Even if Trump stops the Obama drum beats in favor of Palestinian statehood, that's a long way from  Israelis' freedom to do what they want with respect to the West Bank or even East Jerusalem. European governments may not be firmly in the Palestinian camp, but they won't be happy with the prospect of further unrest caused by the unlimited passions of Israeli rightists.

There will also remain Israelis' pragmatic opposition to the religious and nationalist right, seeing it as provoking Arab unrest that will undue years of seeking accommodation.

There are indications, perhaps on the optimistic side of things, that Donald Trump is above all a pragmatist. There are some who see his brazen and primitive campaign style as a conscious tactic to appeal to what he perceived as substantial distrust of the upper crust liberal establishment, with Barack Obama and Hillary Clinton as its presenters-in-chief.

If there is a pragmatic side to Trump's administration, Israel's enthusiastic religious nationalists will learn that they cannot implement all of their wishes. Perhaps not even most of them. Balance of interests and accommodations with opponents are at the center of the pragmatist's strategy. If they are prominent in how Trump governs, they will affect US postures to overseas matters, including the Middle East and Israel, as well as the domestic American scene.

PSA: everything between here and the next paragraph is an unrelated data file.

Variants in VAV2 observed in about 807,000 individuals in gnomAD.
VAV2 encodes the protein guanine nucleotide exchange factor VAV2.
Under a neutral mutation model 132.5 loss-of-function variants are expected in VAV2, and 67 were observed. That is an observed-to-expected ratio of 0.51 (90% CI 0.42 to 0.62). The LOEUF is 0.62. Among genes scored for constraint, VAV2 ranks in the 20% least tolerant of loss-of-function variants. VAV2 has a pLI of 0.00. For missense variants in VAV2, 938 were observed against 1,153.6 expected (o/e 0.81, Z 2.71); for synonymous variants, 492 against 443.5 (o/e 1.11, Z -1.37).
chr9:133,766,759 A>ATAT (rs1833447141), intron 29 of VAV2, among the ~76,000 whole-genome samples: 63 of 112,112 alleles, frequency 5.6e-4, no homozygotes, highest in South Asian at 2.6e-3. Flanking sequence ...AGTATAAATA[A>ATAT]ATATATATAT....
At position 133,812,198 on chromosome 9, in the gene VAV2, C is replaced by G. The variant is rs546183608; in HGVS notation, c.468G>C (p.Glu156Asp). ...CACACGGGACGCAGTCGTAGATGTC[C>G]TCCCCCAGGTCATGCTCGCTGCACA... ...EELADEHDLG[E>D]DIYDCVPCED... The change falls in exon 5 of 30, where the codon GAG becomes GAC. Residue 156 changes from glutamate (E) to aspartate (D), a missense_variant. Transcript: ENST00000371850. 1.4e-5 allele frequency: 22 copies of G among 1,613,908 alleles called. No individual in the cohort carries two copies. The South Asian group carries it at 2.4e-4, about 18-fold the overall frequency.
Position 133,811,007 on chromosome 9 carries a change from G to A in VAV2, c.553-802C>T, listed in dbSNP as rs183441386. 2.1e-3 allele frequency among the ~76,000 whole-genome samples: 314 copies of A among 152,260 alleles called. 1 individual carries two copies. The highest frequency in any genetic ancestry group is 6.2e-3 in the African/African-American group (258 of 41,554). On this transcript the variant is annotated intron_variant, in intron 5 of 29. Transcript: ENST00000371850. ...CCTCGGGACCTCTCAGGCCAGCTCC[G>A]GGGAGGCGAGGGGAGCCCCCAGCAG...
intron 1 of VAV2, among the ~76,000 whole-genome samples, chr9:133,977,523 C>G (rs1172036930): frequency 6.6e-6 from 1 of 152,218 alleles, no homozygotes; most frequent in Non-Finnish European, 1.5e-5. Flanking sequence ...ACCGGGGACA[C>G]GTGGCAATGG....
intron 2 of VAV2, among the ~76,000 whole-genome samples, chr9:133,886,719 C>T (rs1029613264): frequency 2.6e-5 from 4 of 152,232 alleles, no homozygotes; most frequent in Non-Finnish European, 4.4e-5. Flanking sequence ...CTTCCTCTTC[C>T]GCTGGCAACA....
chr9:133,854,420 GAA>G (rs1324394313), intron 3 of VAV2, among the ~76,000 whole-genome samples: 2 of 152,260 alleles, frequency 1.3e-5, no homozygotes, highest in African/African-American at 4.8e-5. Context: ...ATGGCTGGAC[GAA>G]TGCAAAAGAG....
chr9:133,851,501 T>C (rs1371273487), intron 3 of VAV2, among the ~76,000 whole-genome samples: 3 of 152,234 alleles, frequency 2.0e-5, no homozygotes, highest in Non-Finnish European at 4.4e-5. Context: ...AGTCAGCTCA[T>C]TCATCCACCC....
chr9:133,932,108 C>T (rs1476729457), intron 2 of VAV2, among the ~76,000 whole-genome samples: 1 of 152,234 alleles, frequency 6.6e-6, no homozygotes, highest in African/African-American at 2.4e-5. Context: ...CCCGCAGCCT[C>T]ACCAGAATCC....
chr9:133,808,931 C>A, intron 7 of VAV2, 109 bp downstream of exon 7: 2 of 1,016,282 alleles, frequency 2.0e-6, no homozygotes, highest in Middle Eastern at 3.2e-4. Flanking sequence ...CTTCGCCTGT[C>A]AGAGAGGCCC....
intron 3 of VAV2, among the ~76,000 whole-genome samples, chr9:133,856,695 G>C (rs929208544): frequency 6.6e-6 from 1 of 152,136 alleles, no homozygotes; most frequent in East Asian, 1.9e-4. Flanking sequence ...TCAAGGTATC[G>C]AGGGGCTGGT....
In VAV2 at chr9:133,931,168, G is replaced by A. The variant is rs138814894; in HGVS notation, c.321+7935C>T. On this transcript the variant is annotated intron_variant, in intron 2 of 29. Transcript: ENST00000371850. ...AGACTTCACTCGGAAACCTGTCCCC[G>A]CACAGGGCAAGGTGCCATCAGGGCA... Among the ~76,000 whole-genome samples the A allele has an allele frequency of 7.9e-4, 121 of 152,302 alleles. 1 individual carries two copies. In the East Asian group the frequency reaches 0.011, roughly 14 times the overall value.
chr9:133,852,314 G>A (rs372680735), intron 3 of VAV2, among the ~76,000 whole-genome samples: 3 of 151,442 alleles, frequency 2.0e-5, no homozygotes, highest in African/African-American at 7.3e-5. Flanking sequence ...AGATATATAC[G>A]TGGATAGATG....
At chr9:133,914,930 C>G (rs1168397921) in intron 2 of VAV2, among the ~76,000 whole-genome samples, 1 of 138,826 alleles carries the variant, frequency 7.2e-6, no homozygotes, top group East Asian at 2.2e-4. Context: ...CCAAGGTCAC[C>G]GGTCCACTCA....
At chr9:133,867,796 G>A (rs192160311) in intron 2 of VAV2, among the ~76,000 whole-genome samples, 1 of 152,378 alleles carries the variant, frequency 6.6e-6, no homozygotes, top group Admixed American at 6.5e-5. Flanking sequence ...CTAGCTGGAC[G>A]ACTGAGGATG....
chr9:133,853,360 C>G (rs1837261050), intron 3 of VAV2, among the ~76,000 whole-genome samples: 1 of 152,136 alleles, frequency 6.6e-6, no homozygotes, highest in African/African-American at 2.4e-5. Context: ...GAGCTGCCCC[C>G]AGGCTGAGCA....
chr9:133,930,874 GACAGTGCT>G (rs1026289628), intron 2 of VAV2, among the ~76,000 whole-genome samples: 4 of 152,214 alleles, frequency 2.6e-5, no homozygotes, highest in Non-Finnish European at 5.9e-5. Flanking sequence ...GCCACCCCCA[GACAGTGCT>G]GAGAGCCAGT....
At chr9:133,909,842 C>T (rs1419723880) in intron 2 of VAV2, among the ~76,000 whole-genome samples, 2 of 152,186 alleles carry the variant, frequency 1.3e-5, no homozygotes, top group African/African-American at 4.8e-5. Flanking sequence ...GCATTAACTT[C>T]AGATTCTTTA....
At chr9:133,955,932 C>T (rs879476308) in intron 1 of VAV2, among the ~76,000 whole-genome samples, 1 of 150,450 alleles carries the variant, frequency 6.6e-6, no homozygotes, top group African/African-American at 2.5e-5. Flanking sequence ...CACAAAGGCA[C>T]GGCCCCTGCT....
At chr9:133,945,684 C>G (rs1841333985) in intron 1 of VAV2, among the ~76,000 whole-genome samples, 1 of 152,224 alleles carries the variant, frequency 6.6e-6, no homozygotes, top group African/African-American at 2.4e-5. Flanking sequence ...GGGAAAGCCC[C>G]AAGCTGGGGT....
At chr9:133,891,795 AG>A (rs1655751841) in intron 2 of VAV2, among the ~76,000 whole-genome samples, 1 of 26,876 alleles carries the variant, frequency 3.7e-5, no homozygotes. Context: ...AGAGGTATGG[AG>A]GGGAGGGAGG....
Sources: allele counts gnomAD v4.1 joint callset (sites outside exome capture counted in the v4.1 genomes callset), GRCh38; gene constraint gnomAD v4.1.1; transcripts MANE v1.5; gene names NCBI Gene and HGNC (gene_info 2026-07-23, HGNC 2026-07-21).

The institutions of American government will press Trump in the pragmatic direction. It's doubtful that his kind of Republicans will dominate both Houses of Congress, be in control of the senior professional positions in the bureaucracy or courts, or dominate all the state and local authorities (there are more than 87,000) that decide about much of what Americans receive from their governments.

There are reports about bitter struggles among Trump's advisers, and between them and individuals who fancy themselves Republican party leaders, over control of the transition and key appointments to the new administration.

This is also an occasion to recall what many Germans expressed about Hitler before they fled or were killed, i.e., that he couldn't possibly believe all the nonsense that he proclaimed in order to win election.

The rioting against the election results also recalls the uprising of the German left, which figured into the repression by Hitler's forces. Some observers even see seriousness in the California movement to separate from the United States. Such innocents should remember what happened to the Confederacy a century and one-half ago.

And we should not forget that Donald Trump joins a long list of Presidents thought to be unsuited for the task. Dealing only with the 20th century onward, they include Warren Harding, Calvin Coolidge, Ronald Reagan, George W.. Bush, and Barack Obama. Politics matters in the selection of candidates for such a list, and politics will remain prominent in ongoing views about Donald Trump.

There are lots of uncertainties, that will be with Americans and the rest of us for some time.

Comments welcome, from both the certain and the uncertain.

-- 
Ira Sharkansky (Emeritus)
Department of Political Science
Hebrew University of Jerusalem

Irashark@gmail.com 

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Disclaimer: The views and opinions expressed in this blog article are those of the author(s) and do not necessarily reflect the official position or viewpoint of The Jerusalem Post. Blog authors are NOT employees, freelance or salaried, of The Jerusalem Post.